WMU News

New book focuses on future of telecommunications

April 6, 2001

KALAMAZOO -- A week before his new book detailing the business strategies and structures of the telecommunications industry went to press, Richard Gershon's wife innocently asked if he had seen the Wall Street Journal story about AT&T 's plans to sell off its long-distance division.

AT&T's announcement indicated a major departure in the telecommunications giant's business strategy as well as a hint of forthcoming shifts for the entire industry. These kind of rapid, industry-transforming changes and their effect on the telecommunications realm are discussed in Gershon's new book, "Telecommunications Management: Industry Structures and Planning Strategies" recently published by Lawrence Erlbaum Associates.

Divided into two parts, the first half of Gershon's book examines the business structures of the telecommunication industry; the second half examines the business of managing telecommunications operations. Gershon, an associate professor of communication at Western Michigan University, called upon specialists in the fields of leadership, finance, marketing and the Internet to contribute chapters to the text and included five in-depth case studies taken from the International Radio Television Society's annual case study competitions.

He admits that writing a book detailing the operations of an industry where change happens faster than the speed of fiber optics was a challenge.

"Change in technology is having a profound and volatile effect on the telecommunications industry. The 21st century promises a very different set of industry players than in the past," he says.

With that in mind, he wrote the book to help students and professionals in the field understand these changes, the business strategies that drive them and the direction they will take the telecommunications industry in the future.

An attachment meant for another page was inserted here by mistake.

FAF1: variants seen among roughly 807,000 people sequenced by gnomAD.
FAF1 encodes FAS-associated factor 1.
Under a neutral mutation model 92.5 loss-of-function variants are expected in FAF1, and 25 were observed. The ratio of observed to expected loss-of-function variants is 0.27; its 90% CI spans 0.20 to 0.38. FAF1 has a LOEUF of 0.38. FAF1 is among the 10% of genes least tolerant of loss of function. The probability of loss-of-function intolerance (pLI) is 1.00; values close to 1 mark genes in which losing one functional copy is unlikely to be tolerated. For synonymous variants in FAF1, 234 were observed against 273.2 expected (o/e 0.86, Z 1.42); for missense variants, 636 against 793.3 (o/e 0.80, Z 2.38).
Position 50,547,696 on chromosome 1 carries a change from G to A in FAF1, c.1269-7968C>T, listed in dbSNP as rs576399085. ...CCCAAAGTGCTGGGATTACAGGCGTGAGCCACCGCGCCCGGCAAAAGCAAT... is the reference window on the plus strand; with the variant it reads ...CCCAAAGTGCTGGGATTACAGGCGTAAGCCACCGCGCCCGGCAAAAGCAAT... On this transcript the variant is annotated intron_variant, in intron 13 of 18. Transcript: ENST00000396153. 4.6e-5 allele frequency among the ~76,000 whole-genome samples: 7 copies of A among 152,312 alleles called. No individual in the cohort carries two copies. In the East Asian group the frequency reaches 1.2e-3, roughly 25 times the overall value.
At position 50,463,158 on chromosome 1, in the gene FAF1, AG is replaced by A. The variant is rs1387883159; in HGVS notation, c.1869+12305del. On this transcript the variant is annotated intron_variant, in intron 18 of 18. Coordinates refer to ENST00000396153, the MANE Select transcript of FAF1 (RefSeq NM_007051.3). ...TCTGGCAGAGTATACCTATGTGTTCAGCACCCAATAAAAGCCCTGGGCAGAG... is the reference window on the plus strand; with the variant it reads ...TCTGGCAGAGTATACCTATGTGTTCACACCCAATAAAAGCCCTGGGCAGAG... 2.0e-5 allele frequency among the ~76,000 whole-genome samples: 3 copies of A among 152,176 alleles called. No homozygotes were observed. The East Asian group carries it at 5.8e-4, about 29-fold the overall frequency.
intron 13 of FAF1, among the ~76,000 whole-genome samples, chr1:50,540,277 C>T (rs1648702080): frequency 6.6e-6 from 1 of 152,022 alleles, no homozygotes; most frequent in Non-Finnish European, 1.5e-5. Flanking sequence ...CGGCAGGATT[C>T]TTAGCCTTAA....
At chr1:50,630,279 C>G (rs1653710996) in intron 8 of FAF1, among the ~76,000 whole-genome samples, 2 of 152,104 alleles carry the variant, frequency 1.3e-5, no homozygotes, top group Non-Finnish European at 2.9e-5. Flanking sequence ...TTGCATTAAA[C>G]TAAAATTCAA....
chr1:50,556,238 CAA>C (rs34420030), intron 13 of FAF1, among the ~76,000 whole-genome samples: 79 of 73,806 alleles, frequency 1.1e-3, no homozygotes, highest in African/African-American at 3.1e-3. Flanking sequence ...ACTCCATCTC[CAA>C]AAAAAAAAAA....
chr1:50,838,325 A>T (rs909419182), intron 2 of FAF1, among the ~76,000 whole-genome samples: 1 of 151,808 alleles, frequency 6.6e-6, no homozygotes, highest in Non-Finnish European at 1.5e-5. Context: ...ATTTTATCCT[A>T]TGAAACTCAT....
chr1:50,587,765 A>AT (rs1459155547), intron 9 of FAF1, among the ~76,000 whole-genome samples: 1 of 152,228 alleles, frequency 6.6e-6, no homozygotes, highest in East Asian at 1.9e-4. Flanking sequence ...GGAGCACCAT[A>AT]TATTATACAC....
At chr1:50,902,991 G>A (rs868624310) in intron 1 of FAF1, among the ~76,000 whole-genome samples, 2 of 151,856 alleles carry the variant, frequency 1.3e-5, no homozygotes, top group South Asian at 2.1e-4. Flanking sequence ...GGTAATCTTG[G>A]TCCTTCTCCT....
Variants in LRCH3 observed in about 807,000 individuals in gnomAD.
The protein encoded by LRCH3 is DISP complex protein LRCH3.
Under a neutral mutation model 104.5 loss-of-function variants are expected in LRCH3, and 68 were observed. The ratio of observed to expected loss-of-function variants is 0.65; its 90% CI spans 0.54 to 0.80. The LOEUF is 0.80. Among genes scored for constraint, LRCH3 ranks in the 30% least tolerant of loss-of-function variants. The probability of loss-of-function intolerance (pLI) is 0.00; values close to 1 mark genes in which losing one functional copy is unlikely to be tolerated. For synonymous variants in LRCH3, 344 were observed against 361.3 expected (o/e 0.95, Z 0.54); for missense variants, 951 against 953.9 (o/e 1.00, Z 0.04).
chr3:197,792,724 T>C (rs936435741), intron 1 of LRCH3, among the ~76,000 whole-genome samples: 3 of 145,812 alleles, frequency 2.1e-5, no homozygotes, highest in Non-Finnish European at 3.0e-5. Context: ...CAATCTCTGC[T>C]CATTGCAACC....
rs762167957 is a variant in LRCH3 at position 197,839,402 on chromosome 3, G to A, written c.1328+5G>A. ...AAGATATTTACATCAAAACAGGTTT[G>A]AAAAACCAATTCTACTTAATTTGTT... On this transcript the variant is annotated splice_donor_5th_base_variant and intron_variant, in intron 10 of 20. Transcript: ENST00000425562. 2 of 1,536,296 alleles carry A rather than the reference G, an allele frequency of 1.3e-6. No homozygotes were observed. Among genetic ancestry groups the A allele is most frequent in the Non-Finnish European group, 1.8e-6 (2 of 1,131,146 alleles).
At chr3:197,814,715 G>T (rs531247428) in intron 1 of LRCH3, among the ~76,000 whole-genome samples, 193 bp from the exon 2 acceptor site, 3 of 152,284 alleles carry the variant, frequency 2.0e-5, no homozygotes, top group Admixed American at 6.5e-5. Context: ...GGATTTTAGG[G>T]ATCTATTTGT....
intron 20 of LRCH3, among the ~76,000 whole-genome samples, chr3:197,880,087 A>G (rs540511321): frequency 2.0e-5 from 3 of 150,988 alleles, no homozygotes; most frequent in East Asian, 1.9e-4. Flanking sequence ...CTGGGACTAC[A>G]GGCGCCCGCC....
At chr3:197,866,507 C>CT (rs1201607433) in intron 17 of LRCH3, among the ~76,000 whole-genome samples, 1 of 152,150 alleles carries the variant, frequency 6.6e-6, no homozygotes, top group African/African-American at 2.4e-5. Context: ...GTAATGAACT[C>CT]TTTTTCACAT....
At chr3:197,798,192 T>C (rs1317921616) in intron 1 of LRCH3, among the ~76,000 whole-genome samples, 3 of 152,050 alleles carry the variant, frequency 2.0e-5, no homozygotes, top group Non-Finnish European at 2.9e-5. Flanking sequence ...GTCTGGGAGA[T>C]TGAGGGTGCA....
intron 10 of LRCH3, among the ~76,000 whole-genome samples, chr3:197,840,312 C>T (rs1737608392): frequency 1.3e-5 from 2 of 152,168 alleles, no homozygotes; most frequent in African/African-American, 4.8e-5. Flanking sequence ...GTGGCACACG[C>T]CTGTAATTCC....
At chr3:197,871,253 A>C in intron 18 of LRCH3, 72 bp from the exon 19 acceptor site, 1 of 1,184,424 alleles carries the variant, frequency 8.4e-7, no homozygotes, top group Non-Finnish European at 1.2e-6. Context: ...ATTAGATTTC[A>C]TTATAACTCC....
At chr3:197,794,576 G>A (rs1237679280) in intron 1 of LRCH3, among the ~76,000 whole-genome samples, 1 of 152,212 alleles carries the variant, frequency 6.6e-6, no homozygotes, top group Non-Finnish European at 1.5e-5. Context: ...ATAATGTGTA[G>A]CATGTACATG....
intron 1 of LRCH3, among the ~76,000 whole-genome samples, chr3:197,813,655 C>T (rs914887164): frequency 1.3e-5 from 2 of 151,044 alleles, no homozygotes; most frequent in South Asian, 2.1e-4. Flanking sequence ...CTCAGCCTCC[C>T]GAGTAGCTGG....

"The clear lines and boundaries that once separated broadcasting, cable, telephone, and Internet communication are becoming less distinct," says Gershon. "We are seeing a natural convergence of industries being driven by the digitalization of media and information technology. The future will be comprised of telecommunications companies that have 'one-stop shopping,' where customers will be offered everything from Internet, cable, phone service and wireless services from one provider."

This new direction is already evident in the January merger of America Online, the nation's largest supplier of Internet services, and Time Warner, a transnational media corporation with vast

holdings in broadcast, cable and print media. Gershon says that Time Warner needed an Internet strategy and AOL needed content, so the merger created new synergies for both.

"This is old media and new media coming together," he says. "What's interesting is AOL, the new media company, is one-fifth the size of Time-Warner, yet it's the one doing the buying. It's like a fish consuming a whale."

Providing an understanding of such vertical integration strategies and their impact on the future of the telecommunications industry is a pivotal part of Gershon's book.

"I've tried to give as comprehensive a view of the industry and management strategies as possible, and the case studies help the reader pull it all together in an applied context. What sets this book apart is its emphasis on understanding the relationship and convergence patterns between broadcast, cable, telephone and Internet communication industries," he explains. "Today's telecommunications manager must understand both the program software and the different delivery platforms."

"Telecommunications Management" is Gershon's second book. His first, "The Transnational Media Corporation: Global Messages and Free Market Competition" was the National Cable Television Center and Museum's 1997 Book of the Year. A WMU faculty member since 1989, Gershon is the co-founder of the telecommunications program in the Department of Communication. He teaches courses in telecommunications management, law and regulations, and communication technology. He holds a master's degree from the University of Vermont and a doctoral degree from Ohio University.

Media contact: Marie Lee, 616 387-8400, marie.lee@wmich.edu

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